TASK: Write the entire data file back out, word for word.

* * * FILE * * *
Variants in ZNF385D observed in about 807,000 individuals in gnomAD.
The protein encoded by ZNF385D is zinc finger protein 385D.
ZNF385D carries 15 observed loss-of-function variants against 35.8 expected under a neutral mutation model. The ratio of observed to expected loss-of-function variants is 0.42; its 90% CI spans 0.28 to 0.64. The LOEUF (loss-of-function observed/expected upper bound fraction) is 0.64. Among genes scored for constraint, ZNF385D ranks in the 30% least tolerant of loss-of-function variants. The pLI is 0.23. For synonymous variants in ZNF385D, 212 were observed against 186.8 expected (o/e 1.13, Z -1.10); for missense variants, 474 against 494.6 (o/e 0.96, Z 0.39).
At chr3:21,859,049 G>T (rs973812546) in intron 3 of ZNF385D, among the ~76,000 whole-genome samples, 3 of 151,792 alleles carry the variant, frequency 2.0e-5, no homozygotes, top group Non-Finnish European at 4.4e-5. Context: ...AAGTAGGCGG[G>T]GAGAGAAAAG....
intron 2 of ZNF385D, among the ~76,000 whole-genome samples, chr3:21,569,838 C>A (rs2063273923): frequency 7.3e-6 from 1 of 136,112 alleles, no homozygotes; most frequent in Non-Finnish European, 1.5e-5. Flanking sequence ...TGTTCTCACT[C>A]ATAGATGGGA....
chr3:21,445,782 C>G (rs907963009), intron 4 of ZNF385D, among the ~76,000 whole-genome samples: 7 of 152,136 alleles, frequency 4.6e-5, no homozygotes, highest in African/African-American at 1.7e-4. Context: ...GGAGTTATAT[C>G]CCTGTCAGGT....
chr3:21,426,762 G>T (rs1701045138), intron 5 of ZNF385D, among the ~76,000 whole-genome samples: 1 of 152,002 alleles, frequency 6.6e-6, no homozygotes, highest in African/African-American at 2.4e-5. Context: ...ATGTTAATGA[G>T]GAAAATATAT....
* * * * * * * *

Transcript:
Variants in ZNF385D observed in about 807,000 individuals in gnomAD.
The protein encoded by ZNF385D is zinc finger protein 385D.
ZNF385D carries 15 observed loss-of-function variants against 35.8 expected under a neutral mutation model. The ratio of observed to expected loss-of-function variants is 0.42; its 90% CI spans 0.28 to 0.64. The LOEUF (loss-of-function observed/expected upper bound fraction) is 0.64. Among genes scored for constraint, ZNF385D ranks in the 30% least tolerant of loss-of-function variants. The pLI is 0.23. For synonymous variants in ZNF385D, 212 were observed against 186.8 expected (o/e 1.13, Z -1.10); for missense variants, 474 against 494.6 (o/e 0.96, Z 0.39).
At chr3:21,859,049 G>T (rs973812546) in intron 3 of ZNF385D, among the ~76,000 whole-genome samples, 3 of 151,792 alleles carry the variant, frequency 2.0e-5, no homozygotes, top group Non-Finnish European at 4.4e-5. Context: ...AAGTAGGCGG[G>T]GAGAGAAAAG....
intron 2 of ZNF385D, among the ~76,000 whole-genome samples, chr3:21,569,838 C>A (rs2063273923): frequency 7.3e-6 from 1 of 136,112 alleles, no homozygotes; most frequent in Non-Finnish European, 1.5e-5. Flanking sequence ...TGTTCTCACT[C>A]ATAGATGGGA....
chr3:21,445,782 C>G (rs907963009), intron 4 of ZNF385D, among the ~76,000 whole-genome samples: 7 of 152,136 alleles, frequency 4.6e-5, no homozygotes, highest in African/African-American at 1.7e-4. Context: ...GGAGTTATAT[C>G]CCTGTCAGGT....
chr3:21,426,762 G>T (rs1701045138), intron 5 of ZNF385D, among the ~76,000 whole-genome samples: 1 of 152,002 alleles, frequency 6.6e-6, no homozygotes, highest in African/African-American at 2.4e-5. Context: ...ATGTTAATGA[G>T]GAAAATATAT....